How did we decide on the specific property. Simple. When we drove up to the dilapidated 1970 era ski cabin in foreclosure we just knew. It was like at first sight.
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Old 06-02-2021, 05:49 AM   #35
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If I were ever in a position to have more than one home, I would want at least one of them be a townhome or condominium, so I didn't have to do outside maintenance on more than one property.

Perhaps a small townhome for my primary residence and then a country cabin which would be nice when I wanted a totally different atmosphere or my primary residence having a yard but the vacation home being a condo. Those wouldn't be totally free of maintenance concerns (as someone is still typically responsible for HVAC units, indoor plumbing, etc. in many townhomes) but it would seem to eliminate a lot of them.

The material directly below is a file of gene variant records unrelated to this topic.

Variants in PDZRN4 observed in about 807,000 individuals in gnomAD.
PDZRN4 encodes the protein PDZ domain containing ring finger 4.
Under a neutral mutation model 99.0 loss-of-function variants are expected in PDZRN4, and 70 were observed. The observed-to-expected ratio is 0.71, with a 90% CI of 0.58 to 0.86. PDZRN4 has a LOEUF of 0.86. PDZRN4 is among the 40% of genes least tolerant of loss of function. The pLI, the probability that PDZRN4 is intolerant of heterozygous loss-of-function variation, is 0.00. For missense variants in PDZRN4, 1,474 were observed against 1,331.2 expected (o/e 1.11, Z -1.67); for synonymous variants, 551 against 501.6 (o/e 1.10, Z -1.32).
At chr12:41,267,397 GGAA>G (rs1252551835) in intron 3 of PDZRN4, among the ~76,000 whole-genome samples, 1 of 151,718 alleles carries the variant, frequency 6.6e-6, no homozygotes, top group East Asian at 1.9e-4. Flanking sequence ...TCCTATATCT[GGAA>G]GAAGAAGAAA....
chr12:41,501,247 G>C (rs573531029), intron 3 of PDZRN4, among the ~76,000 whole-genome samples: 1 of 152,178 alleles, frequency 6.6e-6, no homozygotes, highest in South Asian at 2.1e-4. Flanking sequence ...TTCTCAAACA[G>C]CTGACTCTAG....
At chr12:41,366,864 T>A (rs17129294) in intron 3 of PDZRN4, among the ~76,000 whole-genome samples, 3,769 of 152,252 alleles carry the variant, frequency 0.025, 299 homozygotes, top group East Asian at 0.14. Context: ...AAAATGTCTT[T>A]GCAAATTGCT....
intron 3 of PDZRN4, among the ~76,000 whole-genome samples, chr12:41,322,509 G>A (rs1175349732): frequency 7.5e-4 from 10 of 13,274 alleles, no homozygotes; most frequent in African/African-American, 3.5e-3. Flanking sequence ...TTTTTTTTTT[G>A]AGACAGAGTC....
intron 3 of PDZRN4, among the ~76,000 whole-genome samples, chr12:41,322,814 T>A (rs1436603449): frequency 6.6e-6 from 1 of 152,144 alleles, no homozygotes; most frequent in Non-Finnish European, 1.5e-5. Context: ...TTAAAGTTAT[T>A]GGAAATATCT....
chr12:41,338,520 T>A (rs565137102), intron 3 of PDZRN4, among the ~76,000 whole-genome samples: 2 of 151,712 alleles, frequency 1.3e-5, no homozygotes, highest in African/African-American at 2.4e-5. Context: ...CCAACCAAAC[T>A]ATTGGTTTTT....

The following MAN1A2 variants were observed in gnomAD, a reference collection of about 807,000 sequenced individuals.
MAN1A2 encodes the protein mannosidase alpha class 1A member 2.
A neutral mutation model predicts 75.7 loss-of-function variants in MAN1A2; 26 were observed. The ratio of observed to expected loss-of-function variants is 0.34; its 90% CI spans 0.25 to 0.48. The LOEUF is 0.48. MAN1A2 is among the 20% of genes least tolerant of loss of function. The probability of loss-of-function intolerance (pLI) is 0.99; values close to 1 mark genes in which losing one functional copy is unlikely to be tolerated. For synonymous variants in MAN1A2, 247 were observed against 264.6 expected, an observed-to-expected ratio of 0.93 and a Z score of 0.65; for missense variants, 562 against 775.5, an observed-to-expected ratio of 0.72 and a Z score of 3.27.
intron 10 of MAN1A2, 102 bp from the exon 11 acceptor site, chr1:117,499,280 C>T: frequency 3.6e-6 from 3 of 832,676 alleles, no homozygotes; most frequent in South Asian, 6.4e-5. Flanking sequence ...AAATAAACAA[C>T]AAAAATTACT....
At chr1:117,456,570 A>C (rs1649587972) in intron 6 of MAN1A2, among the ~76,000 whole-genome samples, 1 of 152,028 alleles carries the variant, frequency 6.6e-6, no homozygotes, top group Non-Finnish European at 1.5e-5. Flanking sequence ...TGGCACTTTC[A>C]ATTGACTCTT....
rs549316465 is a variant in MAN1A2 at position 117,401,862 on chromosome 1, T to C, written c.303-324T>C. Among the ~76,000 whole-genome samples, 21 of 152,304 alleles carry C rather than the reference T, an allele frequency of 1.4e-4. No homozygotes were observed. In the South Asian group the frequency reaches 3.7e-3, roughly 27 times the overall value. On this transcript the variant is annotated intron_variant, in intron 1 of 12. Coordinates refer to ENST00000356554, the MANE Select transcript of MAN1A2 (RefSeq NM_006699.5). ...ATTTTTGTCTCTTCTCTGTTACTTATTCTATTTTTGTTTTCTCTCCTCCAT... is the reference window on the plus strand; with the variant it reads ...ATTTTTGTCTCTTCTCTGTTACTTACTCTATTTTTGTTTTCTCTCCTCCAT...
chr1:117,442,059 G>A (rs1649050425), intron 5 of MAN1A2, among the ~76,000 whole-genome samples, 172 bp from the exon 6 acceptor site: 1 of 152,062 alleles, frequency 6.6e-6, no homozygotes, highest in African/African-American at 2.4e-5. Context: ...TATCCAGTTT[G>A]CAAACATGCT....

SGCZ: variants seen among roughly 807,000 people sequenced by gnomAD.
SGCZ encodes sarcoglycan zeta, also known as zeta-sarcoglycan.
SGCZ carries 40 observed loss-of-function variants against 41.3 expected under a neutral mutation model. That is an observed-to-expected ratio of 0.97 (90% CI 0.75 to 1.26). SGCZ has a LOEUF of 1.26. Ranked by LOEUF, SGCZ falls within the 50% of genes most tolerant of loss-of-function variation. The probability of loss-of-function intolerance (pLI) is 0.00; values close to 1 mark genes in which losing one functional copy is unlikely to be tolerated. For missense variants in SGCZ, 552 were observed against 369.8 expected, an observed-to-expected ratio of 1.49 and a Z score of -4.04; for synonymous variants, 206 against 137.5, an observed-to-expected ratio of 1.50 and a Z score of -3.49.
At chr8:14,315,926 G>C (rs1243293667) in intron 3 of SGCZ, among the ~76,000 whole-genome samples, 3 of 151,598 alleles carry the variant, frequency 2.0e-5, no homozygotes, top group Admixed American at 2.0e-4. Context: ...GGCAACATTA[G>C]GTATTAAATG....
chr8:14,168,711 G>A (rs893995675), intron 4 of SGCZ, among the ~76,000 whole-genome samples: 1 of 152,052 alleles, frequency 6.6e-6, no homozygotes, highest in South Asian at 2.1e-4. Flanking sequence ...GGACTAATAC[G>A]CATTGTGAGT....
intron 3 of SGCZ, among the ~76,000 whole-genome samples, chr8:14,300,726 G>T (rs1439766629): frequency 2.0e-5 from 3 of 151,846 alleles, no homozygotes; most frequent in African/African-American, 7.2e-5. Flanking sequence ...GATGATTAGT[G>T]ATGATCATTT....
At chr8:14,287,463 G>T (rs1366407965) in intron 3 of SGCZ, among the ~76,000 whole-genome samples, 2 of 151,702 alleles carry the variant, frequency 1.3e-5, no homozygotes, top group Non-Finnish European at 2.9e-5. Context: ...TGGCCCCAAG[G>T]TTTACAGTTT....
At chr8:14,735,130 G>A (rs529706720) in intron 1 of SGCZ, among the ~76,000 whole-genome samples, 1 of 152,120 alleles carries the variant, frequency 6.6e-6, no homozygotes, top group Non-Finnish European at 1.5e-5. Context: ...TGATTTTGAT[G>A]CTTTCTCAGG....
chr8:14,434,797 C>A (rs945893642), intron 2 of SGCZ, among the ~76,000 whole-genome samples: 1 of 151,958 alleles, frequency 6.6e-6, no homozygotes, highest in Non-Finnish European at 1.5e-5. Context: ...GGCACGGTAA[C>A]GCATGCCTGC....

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Old 06-02-2021, 08:50 AM   #36
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We debated buying something down in Mexico since that seems to be our "go to" place to relax. The Air Force did a great job of letting me see the rest of the world, so I am fairly content on hanging around in MX when I want to leave the country.

However, my MIL/FIL own a second home that is in the mountains and about 1.5 hours from us. It's rarely used by *any* of the family but there are plenty of costs associated with it. They also own(ed) a boat house that was used A LOT over the years but the family stopped visiting often as they aged...partying on the lake isn't as appealing when you get older. It was sold for a nice amount of money, but it too wasn't cheap to keep and the slip rental wasn't cheap AT ALL.